He has written, "A map value is a pointer to a runtime.hmap structure." This is what is a reference type is. "In programming language theory, a reference type is a data type that refers to an object in memory. Reference types can be thought of as pointers that are implicitly dereferenced.", source https://en.wikipedia.org/wiki/Reference_type
I do find these posts are confusing - while technically correct they're not really very informative about real world usage, and the information is spread out over several posts instead of being in one post which explains the topic in detail. Still it's not actually very important anyway for real world usage. A map behaves pretty much like a pointer (what most people think of as a reference), you can pass it around, change the contents and the original map data will be changed (which is what people care about). In his posts he's saying well if you create a map pass it to a function then zero out the variable with a local one then it won't change the variable at the caller level, which is... kind of obvious.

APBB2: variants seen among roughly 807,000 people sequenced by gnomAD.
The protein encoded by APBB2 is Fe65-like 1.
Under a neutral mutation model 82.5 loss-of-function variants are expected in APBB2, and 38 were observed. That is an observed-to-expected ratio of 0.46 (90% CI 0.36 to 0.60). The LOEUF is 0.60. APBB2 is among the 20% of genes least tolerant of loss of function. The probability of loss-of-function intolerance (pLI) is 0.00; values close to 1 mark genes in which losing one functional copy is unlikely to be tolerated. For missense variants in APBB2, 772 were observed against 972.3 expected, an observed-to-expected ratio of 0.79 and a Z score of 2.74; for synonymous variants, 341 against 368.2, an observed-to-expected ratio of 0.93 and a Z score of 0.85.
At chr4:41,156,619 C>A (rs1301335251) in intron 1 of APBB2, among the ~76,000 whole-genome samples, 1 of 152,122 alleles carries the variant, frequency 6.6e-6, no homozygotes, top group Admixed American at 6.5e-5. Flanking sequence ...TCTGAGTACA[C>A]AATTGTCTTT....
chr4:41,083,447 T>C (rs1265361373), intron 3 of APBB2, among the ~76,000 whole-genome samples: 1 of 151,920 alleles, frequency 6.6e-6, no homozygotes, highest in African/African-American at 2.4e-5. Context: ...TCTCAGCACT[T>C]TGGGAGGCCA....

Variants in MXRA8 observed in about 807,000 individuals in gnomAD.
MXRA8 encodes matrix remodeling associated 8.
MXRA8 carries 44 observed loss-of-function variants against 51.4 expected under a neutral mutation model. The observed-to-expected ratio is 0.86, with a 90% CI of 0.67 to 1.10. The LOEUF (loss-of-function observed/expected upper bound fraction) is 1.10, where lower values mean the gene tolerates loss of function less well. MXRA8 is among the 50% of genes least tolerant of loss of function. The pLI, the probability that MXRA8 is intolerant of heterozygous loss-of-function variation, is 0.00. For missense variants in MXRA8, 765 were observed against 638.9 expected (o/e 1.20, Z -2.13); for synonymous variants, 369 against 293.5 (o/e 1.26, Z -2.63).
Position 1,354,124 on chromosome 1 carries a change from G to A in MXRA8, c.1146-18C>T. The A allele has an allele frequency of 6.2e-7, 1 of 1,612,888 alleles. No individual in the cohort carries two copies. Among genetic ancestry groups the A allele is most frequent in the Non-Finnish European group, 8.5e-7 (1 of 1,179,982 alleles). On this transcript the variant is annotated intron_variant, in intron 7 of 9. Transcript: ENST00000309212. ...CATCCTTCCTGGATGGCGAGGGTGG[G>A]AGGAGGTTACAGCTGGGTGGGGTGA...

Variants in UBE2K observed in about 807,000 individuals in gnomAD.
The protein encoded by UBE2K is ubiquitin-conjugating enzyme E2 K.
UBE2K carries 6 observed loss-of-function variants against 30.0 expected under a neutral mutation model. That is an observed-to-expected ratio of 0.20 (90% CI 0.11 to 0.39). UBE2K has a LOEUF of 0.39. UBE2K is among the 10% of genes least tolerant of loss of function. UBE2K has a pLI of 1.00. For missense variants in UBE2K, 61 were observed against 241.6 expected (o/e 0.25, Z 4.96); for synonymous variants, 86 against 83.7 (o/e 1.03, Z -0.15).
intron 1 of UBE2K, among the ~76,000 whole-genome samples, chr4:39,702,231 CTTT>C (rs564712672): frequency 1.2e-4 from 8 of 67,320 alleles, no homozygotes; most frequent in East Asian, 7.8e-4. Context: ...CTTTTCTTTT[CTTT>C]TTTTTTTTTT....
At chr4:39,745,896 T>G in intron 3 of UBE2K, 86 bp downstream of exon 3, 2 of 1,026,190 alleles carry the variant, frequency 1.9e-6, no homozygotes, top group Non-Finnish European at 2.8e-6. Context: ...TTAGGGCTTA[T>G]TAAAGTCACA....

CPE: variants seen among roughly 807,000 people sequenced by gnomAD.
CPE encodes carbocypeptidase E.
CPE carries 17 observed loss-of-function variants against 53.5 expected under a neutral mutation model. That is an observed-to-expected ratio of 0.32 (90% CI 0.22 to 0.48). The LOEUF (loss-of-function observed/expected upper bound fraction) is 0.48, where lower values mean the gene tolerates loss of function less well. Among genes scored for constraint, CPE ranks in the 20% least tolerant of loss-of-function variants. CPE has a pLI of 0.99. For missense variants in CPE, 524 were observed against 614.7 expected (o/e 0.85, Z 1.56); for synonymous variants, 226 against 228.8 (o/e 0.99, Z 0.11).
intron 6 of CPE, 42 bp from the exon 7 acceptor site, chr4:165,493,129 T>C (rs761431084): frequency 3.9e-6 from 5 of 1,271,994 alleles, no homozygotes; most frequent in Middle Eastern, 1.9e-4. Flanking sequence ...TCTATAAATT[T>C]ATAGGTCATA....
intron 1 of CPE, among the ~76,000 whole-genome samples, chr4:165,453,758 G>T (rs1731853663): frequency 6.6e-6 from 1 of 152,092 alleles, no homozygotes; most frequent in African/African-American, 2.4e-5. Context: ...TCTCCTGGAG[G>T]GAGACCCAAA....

I'm really not sure where he's going with this or what the context is but the blog posts seem more pedantic than useful at this point.